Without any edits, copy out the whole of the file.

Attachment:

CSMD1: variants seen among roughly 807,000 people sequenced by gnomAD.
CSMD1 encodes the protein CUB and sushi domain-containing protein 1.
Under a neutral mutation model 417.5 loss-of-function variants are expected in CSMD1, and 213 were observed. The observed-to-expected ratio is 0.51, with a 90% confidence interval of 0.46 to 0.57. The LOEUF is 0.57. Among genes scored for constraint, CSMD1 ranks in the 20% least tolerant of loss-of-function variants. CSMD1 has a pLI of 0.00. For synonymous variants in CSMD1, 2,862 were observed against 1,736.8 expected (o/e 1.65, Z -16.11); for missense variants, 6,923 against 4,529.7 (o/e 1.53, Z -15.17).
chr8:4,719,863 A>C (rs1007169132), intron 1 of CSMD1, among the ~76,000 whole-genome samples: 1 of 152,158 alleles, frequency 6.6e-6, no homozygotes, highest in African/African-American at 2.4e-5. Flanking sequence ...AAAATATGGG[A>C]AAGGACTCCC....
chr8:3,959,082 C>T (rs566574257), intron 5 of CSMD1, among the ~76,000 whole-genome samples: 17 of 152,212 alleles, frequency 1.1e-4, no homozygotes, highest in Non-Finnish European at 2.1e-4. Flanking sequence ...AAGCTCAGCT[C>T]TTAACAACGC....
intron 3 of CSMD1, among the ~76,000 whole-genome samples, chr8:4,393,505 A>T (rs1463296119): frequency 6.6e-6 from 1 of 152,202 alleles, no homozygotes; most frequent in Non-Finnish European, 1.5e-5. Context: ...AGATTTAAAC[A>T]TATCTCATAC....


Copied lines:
CSMD1: variants seen among roughly 807,000 people sequenced by gnomAD.
CSMD1 encodes the protein CUB and sushi domain-containing protein 1.
Under a neutral mutation model 417.5 loss-of-function variants are expected in CSMD1, and 213 were observed. The observed-to-expected ratio is 0.51, with a 90% confidence interval of 0.46 to 0.57. The LOEUF is 0.57. Among genes scored for constraint, CSMD1 ranks in the 20% least tolerant of loss-of-function variants. CSMD1 has a pLI of 0.00. For synonymous variants in CSMD1, 2,862 were observed against 1,736.8 expected (o/e 1.65, Z -16.11); for missense variants, 6,923 against 4,529.7 (o/e 1.53, Z -15.17).
chr8:4,719,863 A>C (rs1007169132), intron 1 of CSMD1, among the ~76,000 whole-genome samples: 1 of 152,158 alleles, frequency 6.6e-6, no homozygotes, highest in African/African-American at 2.4e-5. Flanking sequence ...AAAATATGGG[A>C]AAGGACTCCC....
chr8:3,959,082 C>T (rs566574257), intron 5 of CSMD1, among the ~76,000 whole-genome samples: 17 of 152,212 alleles, frequency 1.1e-4, no homozygotes, highest in Non-Finnish European at 2.1e-4. Flanking sequence ...AAGCTCAGCT[C>T]TTAACAACGC....
intron 3 of CSMD1, among the ~76,000 whole-genome samples, chr8:4,393,505 A>T (rs1463296119): frequency 6.6e-6 from 1 of 152,202 alleles, no homozygotes; most frequent in Non-Finnish European, 1.5e-5. Context: ...AGATTTAAAC[A>T]TATCTCATAC....